Thursday, April 3, 2014 - 11:07am

Draining and clear-cutting our precious wetlands:

The Corps and EPA officials will likely visit the forest before deciding whether wetlands were illegally ditched, Sugg said. He had told Coastal Review Online in early February and other media since then that some wetland rules appear to have been violated in the Hofmann.

The Corps’ investigation began early this year after the N.C. Coastal Federation asked for information about ditching activities in the forest. The request was triggered by an “investors’ prospectus” that surfaced late last year after N.C. State shocked many by announcing the pending sale. The document raised numerous questions about what the new owners would do with the land; it outlines commercial and residential development on thousands of acres, calling into question assurances from the prospective new owner that it would maintain most of the forest for research and timber management and sales, and not convert it to agricultural, commercial and residential uses.

The prospectus noted that more than 5,500 acres in the Hofmann had been clear cut and could easily be converted to agriculture.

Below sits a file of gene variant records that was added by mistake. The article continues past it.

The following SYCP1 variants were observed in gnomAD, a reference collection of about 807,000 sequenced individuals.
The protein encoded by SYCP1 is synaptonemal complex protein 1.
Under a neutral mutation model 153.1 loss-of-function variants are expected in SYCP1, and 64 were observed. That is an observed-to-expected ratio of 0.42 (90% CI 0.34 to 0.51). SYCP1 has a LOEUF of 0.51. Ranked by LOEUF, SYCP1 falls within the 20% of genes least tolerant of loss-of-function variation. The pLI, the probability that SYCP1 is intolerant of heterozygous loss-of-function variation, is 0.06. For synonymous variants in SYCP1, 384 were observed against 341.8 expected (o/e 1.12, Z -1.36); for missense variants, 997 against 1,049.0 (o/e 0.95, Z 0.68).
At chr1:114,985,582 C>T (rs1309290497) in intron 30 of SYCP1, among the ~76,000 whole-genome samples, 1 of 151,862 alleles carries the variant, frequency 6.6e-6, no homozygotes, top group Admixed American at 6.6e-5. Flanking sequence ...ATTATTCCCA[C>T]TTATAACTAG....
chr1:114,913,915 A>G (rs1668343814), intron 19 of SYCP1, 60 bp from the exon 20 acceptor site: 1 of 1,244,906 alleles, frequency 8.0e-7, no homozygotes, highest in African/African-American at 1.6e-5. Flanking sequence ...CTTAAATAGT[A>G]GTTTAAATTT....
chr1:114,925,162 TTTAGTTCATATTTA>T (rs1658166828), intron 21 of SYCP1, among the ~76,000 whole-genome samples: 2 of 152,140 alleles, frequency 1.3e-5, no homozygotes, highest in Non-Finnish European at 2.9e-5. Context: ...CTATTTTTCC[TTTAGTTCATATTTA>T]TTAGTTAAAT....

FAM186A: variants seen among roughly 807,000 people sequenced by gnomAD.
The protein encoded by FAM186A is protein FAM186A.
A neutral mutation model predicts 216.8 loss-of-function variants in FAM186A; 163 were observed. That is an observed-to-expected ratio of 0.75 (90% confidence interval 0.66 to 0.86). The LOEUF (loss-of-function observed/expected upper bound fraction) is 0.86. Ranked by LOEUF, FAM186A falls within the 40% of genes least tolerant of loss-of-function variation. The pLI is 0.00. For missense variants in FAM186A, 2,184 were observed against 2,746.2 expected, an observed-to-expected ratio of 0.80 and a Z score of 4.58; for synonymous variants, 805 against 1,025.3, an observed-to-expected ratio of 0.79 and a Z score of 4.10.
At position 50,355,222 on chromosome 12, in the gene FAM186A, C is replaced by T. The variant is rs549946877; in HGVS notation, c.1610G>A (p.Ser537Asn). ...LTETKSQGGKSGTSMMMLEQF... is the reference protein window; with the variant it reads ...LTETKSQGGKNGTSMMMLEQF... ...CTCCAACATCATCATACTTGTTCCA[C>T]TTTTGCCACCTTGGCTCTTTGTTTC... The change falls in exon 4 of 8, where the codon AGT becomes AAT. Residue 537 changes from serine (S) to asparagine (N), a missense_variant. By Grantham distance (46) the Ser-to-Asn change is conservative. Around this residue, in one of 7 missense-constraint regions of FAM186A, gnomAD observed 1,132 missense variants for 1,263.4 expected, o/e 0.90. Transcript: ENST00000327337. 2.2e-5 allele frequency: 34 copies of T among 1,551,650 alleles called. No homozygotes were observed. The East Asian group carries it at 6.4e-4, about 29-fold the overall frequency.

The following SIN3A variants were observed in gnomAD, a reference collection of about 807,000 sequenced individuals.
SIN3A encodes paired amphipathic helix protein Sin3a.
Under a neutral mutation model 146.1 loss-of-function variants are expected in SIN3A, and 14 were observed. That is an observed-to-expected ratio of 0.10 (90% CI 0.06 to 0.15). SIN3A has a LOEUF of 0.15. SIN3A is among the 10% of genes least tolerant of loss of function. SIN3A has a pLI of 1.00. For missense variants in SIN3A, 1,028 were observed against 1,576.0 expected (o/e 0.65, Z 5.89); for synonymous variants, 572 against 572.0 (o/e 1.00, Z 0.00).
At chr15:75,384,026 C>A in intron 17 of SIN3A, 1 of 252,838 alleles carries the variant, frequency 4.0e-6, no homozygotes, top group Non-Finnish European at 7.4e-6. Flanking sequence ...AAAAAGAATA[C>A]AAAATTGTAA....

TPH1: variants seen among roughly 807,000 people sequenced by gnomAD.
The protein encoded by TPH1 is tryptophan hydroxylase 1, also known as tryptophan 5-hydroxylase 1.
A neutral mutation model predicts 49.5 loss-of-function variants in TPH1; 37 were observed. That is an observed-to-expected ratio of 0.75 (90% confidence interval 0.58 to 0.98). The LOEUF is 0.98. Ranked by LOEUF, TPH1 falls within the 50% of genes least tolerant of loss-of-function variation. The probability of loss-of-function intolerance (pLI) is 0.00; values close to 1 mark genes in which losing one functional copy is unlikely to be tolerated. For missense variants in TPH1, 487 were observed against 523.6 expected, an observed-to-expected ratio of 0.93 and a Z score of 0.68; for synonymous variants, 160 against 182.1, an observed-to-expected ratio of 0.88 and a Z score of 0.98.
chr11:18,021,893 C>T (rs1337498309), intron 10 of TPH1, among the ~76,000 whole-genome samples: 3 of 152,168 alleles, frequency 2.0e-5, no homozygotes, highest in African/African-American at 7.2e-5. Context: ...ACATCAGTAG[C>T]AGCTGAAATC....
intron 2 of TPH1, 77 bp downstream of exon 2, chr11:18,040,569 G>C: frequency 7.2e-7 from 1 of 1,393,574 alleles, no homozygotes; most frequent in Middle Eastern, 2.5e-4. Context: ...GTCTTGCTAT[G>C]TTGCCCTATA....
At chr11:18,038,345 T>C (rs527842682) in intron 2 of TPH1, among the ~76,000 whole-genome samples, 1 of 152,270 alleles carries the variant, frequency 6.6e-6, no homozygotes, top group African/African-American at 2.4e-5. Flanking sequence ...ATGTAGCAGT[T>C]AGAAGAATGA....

And what's becoming more and more obvious as time goes by is the State's premier agricultural institution (NC State) is managed by people who only give a passing nod to conservation of our natural resources:

Thursday, April 3, 2014 - 10:36am

And the lack of concern is disheartening:

The latest bipartisan congressional effort to restore several months of federal unemployment insurance benefits received a cool reception Wednesday from a state legislative oversight committee. U.S. Senate Bill 2149 would provide five months of federal UI benefits, retroactive to Jan. 1, to more than 2 million eligible claimants nationwide. That would include more than 170,000 North Carolinians. States would not be required to pay back the 100 percent federally funded benefits.